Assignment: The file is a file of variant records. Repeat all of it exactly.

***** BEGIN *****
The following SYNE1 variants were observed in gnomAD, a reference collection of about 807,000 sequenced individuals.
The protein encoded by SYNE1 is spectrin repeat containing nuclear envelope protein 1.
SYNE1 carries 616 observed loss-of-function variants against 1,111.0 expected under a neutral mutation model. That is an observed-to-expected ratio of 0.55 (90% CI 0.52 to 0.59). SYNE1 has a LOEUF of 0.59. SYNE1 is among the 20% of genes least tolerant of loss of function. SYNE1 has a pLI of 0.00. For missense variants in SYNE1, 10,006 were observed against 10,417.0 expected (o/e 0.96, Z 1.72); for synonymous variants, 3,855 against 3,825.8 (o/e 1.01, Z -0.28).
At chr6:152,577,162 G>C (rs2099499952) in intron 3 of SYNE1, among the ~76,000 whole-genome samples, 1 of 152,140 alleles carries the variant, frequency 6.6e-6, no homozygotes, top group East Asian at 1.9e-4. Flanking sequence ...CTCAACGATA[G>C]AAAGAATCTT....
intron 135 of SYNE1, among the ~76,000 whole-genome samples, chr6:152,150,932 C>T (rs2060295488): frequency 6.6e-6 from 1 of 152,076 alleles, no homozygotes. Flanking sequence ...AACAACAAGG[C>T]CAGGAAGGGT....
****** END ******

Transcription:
The following SYNE1 variants were observed in gnomAD, a reference collection of about 807,000 sequenced individuals.
The protein encoded by SYNE1 is spectrin repeat containing nuclear envelope protein 1.
SYNE1 carries 616 observed loss-of-function variants against 1,111.0 expected under a neutral mutation model. That is an observed-to-expected ratio of 0.55 (90% CI 0.52 to 0.59). SYNE1 has a LOEUF of 0.59. SYNE1 is among the 20% of genes least tolerant of loss of function. SYNE1 has a pLI of 0.00. For missense variants in SYNE1, 10,006 were observed against 10,417.0 expected (o/e 0.96, Z 1.72); for synonymous variants, 3,855 against 3,825.8 (o/e 1.01, Z -0.28).
At chr6:152,577,162 G>C (rs2099499952) in intron 3 of SYNE1, among the ~76,000 whole-genome samples, 1 of 152,140 alleles carries the variant, frequency 6.6e-6, no homozygotes, top group East Asian at 1.9e-4. Flanking sequence ...CTCAACGATA[G>C]AAAGAATCTT....
intron 135 of SYNE1, among the ~76,000 whole-genome samples, chr6:152,150,932 C>T (rs2060295488): frequency 6.6e-6 from 1 of 152,076 alleles, no homozygotes. Flanking sequence ...AACAACAAGG[C>T]CAGGAAGGGT....